Google trusts a site when its users trusts it. Having clear and satisfying website information, as well as information of the person who is responsible for the website is crucial. Users feel comfortable and will trust a site when information is visible. Same goes to the website and site owner reputation.
A low quality page might have a true or beneficial purpose, and failing to achieve it within its page. If a page posses the following characteristics, it will be rated as a low quality page by Google:
Compare to high quality pages, it’s much easier to be rated as a low quality page if any of these mistake is being done and practised.
As discussed previously, lacking E-A-T is killing the quality of a page. In addition to that, the absence of high quality main content, unsatisfying amount of the main content will also bring your page quality rating down by Google.
Well, Google is aware that many sites are established with a certain degree of monetization and also to serve additional purpose, such as ads and supplementary content. There is no wrong doing it. But if the ads and supplementary content is being designed in a way that it distracts the users from the main content, then it will affect the quality rating of a page heavily.
In addition to that, having mixed or mildly negative reputation on a website or the creator of the main content will cause the page to be rated as low quality. Unfortunately, many websites have little reputation information. Here’s what you can do, find more relevant reviews and rating to display on your site, a few negative customers reviews are perfectly fine. More details on the next chapter.
Last but not least, a website should have sufficient amount of information about the website as well as the creator of the website. For a personal website, an email address or social media links would be sufficient. A larger website that involves financial transactions would require more information to achieve higher level of trust, these include customer service information, person-in-charge contact information and more.
One of the most significant additions that we can see in the guidelines this year was the creator’s reputation. Instead of just looking at the reputation of the website, the Google raters have to also identify the reputation of the creator of the main content too if applicable.
It is not about how websites or creators describe their expertise and authority but how the reputable external sources agree with what the website says.
According to Google, the reputable external sources that provide independent reputation information about the website or creator may include the following:
*Customers’ reviews can be helpful for assessing the reputation of the business too but the Google raters are advised to try to find as many reviews as possible when interpreting them.*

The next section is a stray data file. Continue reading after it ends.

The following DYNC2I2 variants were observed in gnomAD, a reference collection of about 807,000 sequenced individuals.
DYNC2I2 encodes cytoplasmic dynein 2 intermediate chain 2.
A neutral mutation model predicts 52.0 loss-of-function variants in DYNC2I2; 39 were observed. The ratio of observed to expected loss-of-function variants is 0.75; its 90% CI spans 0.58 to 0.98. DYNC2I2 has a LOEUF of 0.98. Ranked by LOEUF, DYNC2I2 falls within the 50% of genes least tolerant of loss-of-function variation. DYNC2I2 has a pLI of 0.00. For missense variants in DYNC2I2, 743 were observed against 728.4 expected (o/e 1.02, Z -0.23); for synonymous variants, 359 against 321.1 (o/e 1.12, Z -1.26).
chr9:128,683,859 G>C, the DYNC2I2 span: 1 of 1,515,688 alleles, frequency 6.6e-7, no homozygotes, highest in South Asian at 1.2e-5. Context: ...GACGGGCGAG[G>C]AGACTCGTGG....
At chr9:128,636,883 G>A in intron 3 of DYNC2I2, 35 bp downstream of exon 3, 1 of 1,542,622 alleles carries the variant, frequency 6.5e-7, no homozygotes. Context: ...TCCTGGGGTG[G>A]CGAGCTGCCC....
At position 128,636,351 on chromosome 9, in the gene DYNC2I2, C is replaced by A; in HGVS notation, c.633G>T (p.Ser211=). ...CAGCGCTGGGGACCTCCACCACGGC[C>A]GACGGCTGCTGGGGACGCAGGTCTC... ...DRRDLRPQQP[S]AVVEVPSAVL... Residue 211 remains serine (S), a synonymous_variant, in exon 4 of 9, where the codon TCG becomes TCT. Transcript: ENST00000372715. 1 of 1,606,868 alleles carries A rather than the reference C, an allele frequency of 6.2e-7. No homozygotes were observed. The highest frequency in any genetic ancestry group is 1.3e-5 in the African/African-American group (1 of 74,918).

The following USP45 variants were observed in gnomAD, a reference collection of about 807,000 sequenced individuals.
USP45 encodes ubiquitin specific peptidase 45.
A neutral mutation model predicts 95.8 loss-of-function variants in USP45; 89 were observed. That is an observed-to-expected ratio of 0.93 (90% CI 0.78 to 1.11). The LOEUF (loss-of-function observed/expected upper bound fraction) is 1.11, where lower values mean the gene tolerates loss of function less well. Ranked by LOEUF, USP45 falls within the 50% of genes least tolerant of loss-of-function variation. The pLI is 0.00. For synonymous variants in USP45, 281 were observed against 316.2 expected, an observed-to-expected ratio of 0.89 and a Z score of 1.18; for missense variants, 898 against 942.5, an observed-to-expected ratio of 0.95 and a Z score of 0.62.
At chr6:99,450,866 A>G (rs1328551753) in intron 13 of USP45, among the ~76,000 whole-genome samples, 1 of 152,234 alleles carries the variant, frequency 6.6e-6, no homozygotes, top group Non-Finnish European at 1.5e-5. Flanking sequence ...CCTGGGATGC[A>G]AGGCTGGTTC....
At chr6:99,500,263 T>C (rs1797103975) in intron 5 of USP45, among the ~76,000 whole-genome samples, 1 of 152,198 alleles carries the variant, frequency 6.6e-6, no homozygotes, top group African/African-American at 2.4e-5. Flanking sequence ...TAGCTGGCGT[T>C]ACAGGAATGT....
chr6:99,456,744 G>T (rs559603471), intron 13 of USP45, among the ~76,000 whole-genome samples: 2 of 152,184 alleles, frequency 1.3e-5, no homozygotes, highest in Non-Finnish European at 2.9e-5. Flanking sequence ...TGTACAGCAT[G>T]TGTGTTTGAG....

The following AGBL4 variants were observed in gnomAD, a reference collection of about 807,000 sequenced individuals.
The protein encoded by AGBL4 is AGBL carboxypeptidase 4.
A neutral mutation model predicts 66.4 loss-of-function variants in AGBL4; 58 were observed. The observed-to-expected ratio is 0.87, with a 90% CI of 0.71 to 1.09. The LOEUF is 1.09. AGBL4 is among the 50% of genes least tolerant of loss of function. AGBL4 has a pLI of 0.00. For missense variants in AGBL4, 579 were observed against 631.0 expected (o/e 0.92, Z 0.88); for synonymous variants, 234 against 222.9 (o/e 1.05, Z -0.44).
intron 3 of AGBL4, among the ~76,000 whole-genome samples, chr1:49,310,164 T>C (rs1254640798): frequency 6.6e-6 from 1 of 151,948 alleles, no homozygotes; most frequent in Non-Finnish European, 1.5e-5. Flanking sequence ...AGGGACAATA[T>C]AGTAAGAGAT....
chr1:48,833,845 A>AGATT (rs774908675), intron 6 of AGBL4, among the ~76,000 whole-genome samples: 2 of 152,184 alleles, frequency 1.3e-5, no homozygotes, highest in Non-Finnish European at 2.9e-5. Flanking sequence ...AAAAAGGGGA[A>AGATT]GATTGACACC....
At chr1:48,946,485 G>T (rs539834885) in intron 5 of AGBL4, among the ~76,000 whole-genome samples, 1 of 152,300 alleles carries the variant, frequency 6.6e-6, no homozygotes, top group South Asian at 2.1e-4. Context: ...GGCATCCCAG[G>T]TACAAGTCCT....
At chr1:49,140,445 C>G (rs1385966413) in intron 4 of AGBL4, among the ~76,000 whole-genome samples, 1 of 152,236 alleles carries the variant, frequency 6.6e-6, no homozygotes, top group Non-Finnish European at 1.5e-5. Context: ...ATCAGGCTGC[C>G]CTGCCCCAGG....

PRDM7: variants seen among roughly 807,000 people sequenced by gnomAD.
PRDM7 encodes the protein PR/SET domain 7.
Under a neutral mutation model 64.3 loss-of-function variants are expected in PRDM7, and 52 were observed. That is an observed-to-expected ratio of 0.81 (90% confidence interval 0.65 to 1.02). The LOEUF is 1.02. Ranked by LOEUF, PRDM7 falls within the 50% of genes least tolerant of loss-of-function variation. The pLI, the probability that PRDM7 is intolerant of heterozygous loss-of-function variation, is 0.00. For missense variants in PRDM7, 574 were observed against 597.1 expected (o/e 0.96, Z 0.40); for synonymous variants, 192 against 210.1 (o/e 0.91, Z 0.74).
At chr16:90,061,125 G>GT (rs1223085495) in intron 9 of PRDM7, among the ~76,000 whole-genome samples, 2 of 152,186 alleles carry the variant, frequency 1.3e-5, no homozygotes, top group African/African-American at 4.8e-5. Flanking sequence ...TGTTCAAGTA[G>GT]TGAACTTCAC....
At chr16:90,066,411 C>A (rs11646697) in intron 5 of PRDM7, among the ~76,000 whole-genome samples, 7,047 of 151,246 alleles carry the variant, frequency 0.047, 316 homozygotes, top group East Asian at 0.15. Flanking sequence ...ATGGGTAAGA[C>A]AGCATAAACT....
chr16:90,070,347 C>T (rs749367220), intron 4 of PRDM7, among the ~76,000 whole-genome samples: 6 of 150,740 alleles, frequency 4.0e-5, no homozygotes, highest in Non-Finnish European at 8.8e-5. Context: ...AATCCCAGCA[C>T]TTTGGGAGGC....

Reputation is an important factor to be considered when using the High rating, and informs the E-A-T of the page. For example, the high rating cannot be used for any websites that has a convincing negative reputation.
When you have only one creator for the entire website, creating a short bio and then a link to a full author page that includes information such as their credentials or experience will be an added advantage.
But in the cases where you have more than one creators, it will cause some challenges to show the expertise for each one of them.
In the Needs Met Rating Guideline section, the Google raters were asked to evaluate how helpful and satisfying the result is for mobile users.
The rating consists of five levels, from “Fully Meets” all the way down to “Fails to Meet”:
This rating helps Google to understand how search queries are related to user intent, and how helpful is the search results to them.
For example, if there are a lot of low-quality pages that ‘Fails to Meet’ users need showing up for certain query, Google obviously needs to work on delivering a better and more relevant results for that particular query.
As website owners, it is important to make sure that your site is able to answer the searches that the searchers made and is relevant and useful to them. Getting a large amount of traffic but high bounce rate can be one of the signal that you need to look back at your content.
To achieve the highest level of “Fully Meets”, the following must be met:
Let’s imagine this situation, a high quality page with detailed information about acoustic guitars is useless to you if you actually want information about violins. If you searched for “violin” but the search results are showing pages about acoustic guitars, your search needs is definitely unfulfilled.
The following are the main factors that are being considered when deciding the overall Page Quality rating:
When creating the next content, always ask yourself ‘How can my readers benefit from this post’. Because pages that don’t serve any beneficial purpose will ultimately receive the lowest rating and you surely don’t want that to happen.
Once again, Google’s quality ratings will not impact your site’s ranking directly in the search results. But it is always worth taking note that Google does use these ratings to ensure searches get the most relevant and useful search results.
And that’s it! Hope that’s not a lot to digest? I’m looking forward to hearing your thoughts in the comment section below.
Have you seen the Google Search Quality Rater Guidelines signals above impact your own Google ratings? Do share your experiences below!
Updated: 17 January 2019